Friday, 5 August 2011

How the New York Met Rained on Da Vinci’s Parade

The countdown has finally begun. In less than three months, one of the most anticipated exhibitions in the history of art will open its doors to an eager public.

When Leonardo Da Vinci: Painter at the Court of Milan finally goes on show on November 5th at the National Gallery, it will be the culmination of years of careful planning and delicate negotiations. Bringing together some of the finest paintings by the Renaissance master and his followers, this blockbuster exhibition will feature works on loan from, among others, The Lourve, The Vatican and The Hermitage in St Petersburg. Although this amount of international co-operation is by no means unprecedented, it is certainly the first time that so many Da Vinci masterpieces will be leaving their permanent homes to be displayed side by side.

Leonardo Da Vinci Self Portrait
However, the organisation of this ambitious project has not been entirely smooth sailing. In fact, even at this late stage, the owners of one of the exhibition’s highlights, Lady with an Ermine, are getting a serious case of cold feet. Fearful that the rigours of transportation, unforeseen accidents or changes in atmosphere will damage the fragile 15th century wood panel painting, the owners (the Polish Princes Czartoryski Foundation) are considering withdrawing the masterpiece from the exhibition. This course of action has received some support in Poland, with a number of leading scholars vehemently opposed to the painting’s removal.

And their fears are not entirely unfounded. Back in 1963, when on loan to the Metropolitan Museum of Art in New York, Leonardo’s most famous painting, the Mona Lisa, fell victim to an accident that could have left it irrevocably damaged…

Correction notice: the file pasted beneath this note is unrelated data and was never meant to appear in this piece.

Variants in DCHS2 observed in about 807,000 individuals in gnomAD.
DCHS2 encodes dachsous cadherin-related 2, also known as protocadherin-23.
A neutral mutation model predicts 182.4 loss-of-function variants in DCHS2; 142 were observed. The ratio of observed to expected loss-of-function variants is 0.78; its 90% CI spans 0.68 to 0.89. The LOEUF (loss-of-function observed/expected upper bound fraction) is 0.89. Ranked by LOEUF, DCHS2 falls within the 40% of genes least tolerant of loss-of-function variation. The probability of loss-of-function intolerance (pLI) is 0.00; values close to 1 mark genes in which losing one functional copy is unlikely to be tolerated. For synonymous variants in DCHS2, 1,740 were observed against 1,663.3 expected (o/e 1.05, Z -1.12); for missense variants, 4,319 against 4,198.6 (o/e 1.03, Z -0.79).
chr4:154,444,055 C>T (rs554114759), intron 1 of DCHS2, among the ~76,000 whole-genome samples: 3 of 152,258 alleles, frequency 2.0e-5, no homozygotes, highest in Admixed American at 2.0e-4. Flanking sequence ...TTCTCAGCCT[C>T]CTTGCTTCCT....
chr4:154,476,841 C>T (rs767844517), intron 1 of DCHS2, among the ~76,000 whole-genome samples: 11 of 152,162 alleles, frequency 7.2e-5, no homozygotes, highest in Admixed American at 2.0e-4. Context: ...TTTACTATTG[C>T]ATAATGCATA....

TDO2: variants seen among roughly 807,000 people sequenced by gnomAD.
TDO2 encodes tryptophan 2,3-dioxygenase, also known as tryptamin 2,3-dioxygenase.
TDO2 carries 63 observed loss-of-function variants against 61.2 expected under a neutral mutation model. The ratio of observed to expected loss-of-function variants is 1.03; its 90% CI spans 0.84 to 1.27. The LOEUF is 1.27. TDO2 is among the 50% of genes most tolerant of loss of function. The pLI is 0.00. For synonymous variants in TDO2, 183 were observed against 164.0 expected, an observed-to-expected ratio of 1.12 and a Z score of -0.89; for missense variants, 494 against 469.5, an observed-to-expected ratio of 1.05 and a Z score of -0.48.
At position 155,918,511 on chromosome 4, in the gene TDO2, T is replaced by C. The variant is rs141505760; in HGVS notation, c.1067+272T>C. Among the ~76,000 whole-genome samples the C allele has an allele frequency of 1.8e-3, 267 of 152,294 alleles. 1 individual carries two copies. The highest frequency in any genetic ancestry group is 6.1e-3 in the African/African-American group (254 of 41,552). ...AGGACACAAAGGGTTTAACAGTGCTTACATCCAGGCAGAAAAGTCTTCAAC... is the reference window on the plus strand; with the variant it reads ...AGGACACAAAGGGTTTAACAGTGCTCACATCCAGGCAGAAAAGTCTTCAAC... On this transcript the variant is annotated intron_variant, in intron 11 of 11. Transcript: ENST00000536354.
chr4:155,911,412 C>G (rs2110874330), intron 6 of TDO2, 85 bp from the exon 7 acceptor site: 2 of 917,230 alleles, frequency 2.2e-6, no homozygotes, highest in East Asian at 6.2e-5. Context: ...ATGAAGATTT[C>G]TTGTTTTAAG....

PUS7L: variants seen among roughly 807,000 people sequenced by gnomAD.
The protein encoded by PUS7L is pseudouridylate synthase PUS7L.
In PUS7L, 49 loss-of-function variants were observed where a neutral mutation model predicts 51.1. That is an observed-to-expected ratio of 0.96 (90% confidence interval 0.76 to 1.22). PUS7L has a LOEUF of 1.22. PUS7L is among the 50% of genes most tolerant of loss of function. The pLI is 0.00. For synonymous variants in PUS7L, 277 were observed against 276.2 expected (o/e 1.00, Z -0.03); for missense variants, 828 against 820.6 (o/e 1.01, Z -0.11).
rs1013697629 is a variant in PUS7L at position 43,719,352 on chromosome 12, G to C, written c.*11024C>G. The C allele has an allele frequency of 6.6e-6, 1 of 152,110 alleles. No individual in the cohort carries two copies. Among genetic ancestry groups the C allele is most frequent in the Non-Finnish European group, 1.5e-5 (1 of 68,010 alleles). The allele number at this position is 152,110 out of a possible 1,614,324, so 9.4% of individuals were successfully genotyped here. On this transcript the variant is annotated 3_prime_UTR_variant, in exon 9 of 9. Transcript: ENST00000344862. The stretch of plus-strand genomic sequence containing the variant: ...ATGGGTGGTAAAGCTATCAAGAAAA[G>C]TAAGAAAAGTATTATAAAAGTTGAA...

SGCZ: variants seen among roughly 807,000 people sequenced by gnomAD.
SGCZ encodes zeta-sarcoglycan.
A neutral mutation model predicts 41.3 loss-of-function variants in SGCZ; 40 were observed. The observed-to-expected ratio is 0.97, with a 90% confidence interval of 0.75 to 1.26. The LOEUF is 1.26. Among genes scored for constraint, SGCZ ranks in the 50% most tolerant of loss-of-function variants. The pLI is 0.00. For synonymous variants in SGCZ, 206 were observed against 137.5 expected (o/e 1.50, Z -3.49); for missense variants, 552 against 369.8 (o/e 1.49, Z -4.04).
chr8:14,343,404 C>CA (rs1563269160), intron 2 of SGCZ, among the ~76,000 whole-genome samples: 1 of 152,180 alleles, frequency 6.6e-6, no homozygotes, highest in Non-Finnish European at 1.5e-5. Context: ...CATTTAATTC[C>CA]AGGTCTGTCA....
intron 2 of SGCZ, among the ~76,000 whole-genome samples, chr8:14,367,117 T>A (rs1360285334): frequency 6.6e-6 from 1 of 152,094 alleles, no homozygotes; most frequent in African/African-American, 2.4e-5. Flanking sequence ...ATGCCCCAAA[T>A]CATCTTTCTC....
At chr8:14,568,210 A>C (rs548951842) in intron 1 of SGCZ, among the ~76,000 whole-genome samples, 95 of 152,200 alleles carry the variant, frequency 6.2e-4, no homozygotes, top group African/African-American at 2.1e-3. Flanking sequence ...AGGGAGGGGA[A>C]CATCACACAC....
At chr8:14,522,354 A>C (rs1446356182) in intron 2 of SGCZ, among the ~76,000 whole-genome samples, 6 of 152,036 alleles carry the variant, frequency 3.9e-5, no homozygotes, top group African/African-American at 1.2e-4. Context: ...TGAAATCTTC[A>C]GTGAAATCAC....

One morning, upon entering the secure storeroom where the Mona Lisa was kept prior to going on show, the museum’s curator was shocked to discover staff rushing around, wild-eyed and panicked, carrying armfuls of towels. It seemed, overnight, a faulty sprinkler had sprung a leak and had sprayed the painting with water for several HOURS before being discovered by officials! Although the painting had been under constant surveillance, the team of security guards failed to notice the spray of water on their grainy, black-and-white security monitors…

In ordinary circumstances, such water damage would have proved catastrophic. Thankfully, the Mona Lisa was shielded by a thick pane of glass which protected it from the liquidy onslaught. Once the water was mopped up, the Mona Lisa was fortunately none the worse for her little adventure. The exhibition went ahead as planned and her enigmatic smile was seen by over a million people over the course of a few weeks. But, perhaps unsurprisingly, the New York Met worked hard to keep the mishap under wraps – the incident went unreported for over half a century!

Queues to see the Mona Lisa in '63
So, will the National Gallery succeed in securing Lady with an Ermine for their much-anticipated exhibition? Well, that remains to be seen. But one can’t help but feel that the Polish scholars have a point. Maybe we should try to disregard the hype and consider the wisdom of such an exhibition as this. With the plethora of dangers associated with such a project, do the risks outweigh the benefits? Is it really worth putting some of the world’s most valuable paintings in jeopardy for our viewing pleasure? Mona Lisa’s New York story should be a lesson to us all …

'Leonardo Da Vinci: Painter at the Court of Milan' runs from Nov 9 to Feb 5 next year.
Viewing sessions are timed and tickets are available to pre-book only.

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